The joint effects of frailty and telomere length for predicting mortality in older adults: the National Health and Nutrition Examination Survey 1999–2002

  • Dan Liu
  • Zhuoting Zhu
  • Long Zhou
  • Ming YangEmail author
Original Article



Frailty and short telomere length, which address different aspects of biological aging, are separately associated with mortality in older adults.


To evaluate whether the combination of these two biomarkers would be a better predictor of mortality than either alone.


This present study included participants 60 years of age or older from the National Health and Nutrition Examination Survey in the 1999–2002 phase. The frailty phenotype was identified based on the Fried definition. Telomere length relative to standard reference DNA (T/S ratio) was assessed using quantitative polymerase chain reaction (PCR). Cox proportional hazards regression models were used to estimate the individual and combined effects of frailty phenotype and telomere length on all-cause and cardiovascular mortality.


Compared with participants with neither impairment, the mortality risks increased slightly among participants with short telomere length only (hazard ratio [HR] 1.19, 95% confidence interval [CI]: 1.00–1.42) or pre-frailty only (HR 2.16, 95% CI 1.80–2.60) and gradually elevated approximately 3 folds with both short telomere length and pre-frailty (HR 2.23, 95% CI 1.81–2.74) or frailty (HR 3.57, 95% CI 2.56–4.98). Moreover, participants with both short telomere length and frailty had the highest increased all-cause mortality (HR 5.16, 95% CI 3.38–7.85) and cardiovascular mortality (HR 4.67, 95% CI 2.02–10.82).

Discussion and conclusions

The combined predictor had more capability of predicting mortality, which suggested that integrating both molecular biomarkers and physiological functional parameters would be a more informative measure of biological aging.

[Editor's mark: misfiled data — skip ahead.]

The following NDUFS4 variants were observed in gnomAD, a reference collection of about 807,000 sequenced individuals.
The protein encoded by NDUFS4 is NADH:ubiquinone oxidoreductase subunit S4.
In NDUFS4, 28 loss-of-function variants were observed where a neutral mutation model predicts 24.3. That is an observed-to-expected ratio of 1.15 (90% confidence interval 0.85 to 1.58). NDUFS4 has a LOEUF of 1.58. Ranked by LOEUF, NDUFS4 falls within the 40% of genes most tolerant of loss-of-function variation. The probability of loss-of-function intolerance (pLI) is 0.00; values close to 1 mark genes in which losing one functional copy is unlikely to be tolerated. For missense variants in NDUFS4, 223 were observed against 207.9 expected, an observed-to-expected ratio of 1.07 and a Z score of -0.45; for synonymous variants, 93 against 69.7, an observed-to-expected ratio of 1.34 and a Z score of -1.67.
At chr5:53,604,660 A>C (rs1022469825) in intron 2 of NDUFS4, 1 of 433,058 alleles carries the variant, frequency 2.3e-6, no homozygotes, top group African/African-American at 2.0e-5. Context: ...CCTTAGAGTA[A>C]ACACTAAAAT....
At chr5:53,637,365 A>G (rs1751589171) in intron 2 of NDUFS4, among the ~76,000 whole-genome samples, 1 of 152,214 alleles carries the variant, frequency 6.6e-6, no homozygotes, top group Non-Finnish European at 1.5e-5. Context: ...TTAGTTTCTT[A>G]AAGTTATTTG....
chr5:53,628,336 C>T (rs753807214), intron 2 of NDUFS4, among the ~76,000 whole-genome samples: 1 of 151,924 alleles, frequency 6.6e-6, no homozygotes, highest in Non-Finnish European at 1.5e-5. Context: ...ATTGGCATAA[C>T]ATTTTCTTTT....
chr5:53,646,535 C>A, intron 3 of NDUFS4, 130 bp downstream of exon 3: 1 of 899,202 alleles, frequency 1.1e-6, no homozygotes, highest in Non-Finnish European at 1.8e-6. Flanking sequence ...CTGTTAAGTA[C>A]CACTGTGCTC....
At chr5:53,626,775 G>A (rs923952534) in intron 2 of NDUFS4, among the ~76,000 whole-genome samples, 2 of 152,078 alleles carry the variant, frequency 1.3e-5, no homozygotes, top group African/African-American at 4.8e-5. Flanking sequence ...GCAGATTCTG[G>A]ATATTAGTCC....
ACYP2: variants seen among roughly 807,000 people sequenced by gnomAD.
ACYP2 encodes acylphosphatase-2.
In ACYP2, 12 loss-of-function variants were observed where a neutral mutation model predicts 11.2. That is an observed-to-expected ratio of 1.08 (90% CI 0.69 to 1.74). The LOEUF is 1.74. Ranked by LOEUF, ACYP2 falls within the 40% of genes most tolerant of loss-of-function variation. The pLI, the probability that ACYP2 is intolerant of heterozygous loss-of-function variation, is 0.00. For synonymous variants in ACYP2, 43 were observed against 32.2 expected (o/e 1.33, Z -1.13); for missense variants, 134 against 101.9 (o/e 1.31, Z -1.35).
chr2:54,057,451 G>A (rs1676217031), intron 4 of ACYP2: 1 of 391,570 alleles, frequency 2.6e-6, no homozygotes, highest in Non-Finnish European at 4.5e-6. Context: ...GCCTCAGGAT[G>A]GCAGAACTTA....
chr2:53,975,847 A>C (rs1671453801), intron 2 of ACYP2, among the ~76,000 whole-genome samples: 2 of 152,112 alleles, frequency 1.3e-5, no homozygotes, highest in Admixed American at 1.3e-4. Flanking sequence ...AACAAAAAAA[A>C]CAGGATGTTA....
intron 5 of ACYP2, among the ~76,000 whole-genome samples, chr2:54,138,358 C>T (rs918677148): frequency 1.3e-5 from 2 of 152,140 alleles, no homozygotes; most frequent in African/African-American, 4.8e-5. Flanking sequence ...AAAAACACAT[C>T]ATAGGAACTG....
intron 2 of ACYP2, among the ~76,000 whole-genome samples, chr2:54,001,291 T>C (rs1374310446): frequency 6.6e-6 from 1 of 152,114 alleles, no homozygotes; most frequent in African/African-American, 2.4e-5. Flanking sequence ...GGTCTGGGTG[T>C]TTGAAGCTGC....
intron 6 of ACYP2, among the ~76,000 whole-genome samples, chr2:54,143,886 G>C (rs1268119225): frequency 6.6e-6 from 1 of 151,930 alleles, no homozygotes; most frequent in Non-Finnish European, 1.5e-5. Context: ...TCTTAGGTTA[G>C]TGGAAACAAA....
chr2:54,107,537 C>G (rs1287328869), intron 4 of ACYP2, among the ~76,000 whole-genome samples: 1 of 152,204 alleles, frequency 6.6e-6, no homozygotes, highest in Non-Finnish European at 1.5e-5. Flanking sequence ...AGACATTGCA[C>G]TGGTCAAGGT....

Frailty phenotype Telomere length Mortality 



We appreciated all the NHANES participants and staff for their efforts and contributions.

Compliance with ethical standards

Conflict of interest

We declare that we have no competing interests.

Ethical approval

The National Center for Health Statistics (NCHS) Research Ethics Review Board approved the NHANES protocol.

Statement of human and animal rights

All procedures performed in the study were in accodance with recommendations of the International Council for Harmonisation (ICH) Good Clinical Practice (GCP) standards (ICH-GCP) and the Declaration of Helsinki.

Informed consent

Informed consent was obtained from all individual participants included in the study.

Supplementary material

40520_2019_1376_MOESM1_ESM.docx (90 kb)
Supplementary material 1 (DOCX 99 kb)


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Copyright information

© Springer Nature Switzerland AG 2019

Authors and Affiliations

  1. 1.Population Health Sciences, German Center for Neurodegenerative Diseases (DZNE)BonnGermany
  2. 2.State Key Laboratory of OphthalmologyZhongshan Ophthalmic Center, Sun Yat-sen UniversityGuangzhouChina
  3. 3.School of Public HealthXi’an Jiaotong University Health Science CenterXi’anChina
  4. 4.The Center of Gerontology and Geriatrics, West China HospitalSichuan UniversityChengduChina
  5. 5.Precision Medicine Research CenterWest China Hospital, Sichuan UniversityChengduChina

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